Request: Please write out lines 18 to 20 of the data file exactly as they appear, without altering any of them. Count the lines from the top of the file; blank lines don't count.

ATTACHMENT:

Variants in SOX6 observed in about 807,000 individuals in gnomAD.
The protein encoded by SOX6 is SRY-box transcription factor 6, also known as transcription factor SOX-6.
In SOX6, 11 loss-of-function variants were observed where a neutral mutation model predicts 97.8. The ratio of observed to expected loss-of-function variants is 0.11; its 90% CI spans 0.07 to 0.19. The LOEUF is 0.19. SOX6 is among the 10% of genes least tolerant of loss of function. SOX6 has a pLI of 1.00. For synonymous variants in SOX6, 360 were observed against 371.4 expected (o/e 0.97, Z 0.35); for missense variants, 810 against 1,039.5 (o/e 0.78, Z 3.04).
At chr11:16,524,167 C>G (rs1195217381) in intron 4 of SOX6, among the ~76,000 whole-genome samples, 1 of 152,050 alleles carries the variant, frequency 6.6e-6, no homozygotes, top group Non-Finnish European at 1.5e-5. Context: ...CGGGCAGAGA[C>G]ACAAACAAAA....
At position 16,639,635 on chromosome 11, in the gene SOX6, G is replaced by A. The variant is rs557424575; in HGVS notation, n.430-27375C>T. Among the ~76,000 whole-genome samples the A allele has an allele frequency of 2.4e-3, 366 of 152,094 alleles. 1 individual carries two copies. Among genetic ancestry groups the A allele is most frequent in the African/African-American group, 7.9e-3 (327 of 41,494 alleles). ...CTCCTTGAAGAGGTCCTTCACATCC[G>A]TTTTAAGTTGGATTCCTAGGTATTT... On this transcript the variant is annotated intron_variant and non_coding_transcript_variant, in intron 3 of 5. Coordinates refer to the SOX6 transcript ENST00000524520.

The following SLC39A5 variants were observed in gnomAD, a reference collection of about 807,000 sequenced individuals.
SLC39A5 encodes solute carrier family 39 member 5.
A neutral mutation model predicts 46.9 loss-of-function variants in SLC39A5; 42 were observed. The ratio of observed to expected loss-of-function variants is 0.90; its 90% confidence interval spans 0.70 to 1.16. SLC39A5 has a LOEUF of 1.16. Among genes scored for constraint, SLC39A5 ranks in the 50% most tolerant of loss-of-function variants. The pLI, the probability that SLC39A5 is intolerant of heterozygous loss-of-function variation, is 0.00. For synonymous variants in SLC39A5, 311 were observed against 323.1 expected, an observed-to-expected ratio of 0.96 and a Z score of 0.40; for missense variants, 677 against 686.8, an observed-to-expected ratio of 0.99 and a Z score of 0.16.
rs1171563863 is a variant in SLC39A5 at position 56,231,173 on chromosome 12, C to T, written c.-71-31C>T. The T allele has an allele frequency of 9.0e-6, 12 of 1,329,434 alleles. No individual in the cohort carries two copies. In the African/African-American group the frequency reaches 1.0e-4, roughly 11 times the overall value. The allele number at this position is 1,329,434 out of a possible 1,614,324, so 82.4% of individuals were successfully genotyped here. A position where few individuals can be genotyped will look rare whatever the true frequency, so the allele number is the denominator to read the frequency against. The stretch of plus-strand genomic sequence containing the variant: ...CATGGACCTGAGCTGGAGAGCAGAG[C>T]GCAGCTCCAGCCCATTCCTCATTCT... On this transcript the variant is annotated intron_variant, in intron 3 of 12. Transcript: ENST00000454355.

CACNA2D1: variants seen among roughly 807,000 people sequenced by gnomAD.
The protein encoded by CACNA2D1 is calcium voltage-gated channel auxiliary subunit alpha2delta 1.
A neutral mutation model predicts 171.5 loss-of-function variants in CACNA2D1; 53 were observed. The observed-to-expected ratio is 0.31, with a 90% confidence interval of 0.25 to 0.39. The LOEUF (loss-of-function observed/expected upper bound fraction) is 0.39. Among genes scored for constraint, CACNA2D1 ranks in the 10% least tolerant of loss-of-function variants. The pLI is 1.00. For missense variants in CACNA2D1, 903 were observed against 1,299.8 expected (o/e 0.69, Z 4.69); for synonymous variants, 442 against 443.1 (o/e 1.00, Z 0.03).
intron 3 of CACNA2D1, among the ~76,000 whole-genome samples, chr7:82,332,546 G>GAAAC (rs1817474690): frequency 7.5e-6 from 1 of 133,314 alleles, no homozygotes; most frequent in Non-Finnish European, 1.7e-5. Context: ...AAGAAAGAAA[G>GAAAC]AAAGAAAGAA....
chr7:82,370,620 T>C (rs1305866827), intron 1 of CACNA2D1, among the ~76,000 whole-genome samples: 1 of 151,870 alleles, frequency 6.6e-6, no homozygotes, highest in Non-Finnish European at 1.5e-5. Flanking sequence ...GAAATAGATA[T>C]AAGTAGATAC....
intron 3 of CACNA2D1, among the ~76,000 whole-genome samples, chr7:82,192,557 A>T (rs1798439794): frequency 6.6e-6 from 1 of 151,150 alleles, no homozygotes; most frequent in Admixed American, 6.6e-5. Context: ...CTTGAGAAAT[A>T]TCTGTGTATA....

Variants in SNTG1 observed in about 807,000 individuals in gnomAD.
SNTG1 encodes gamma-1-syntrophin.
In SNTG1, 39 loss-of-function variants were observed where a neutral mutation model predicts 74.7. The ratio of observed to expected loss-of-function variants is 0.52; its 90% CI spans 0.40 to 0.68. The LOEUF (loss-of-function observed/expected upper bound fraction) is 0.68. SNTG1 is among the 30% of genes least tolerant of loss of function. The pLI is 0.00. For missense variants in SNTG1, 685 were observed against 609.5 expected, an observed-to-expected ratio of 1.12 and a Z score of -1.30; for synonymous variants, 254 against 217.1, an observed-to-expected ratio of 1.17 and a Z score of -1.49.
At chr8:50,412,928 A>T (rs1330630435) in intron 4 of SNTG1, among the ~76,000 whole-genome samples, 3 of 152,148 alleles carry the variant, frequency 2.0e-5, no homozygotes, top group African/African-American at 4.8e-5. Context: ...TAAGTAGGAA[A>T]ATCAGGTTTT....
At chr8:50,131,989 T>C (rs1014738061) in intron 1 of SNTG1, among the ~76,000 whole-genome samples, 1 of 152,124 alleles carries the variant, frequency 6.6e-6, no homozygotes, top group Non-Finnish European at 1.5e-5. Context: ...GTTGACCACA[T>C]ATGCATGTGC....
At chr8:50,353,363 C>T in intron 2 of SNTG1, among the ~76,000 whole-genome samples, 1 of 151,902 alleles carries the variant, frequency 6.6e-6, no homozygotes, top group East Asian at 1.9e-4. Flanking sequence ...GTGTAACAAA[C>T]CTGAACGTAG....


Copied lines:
In SNTG1, 39 loss-of-function variants were observed where a neutral mutation model predicts 74.7. The ratio of observed to expected loss-of-function variants is 0.52; its 90% CI spans 0.40 to 0.68. The LOEUF (loss-of-function observed/expected upper bound fraction) is 0.68. SNTG1 is among the 30% of genes least tolerant of loss of function. The pLI is 0.00. For missense variants in SNTG1, 685 were observed against 609.5 expected, an observed-to-expected ratio of 1.12 and a Z score of -1.30; for synonymous variants, 254 against 217.1, an observed-to-expected ratio of 1.17 and a Z score of -1.49.
At chr8:50,412,928 A>T (rs1330630435) in intron 4 of SNTG1, among the ~76,000 whole-genome samples, 3 of 152,148 alleles carry the variant, frequency 2.0e-5, no homozygotes, top group African/African-American at 4.8e-5. Context: ...TAAGTAGGAA[A>T]ATCAGGTTTT....
At chr8:50,131,989 T>C (rs1014738061) in intron 1 of SNTG1, among the ~76,000 whole-genome samples, 1 of 152,124 alleles carries the variant, frequency 6.6e-6, no homozygotes, top group Non-Finnish European at 1.5e-5. Context: ...GTTGACCACA[T>C]ATGCATGTGC....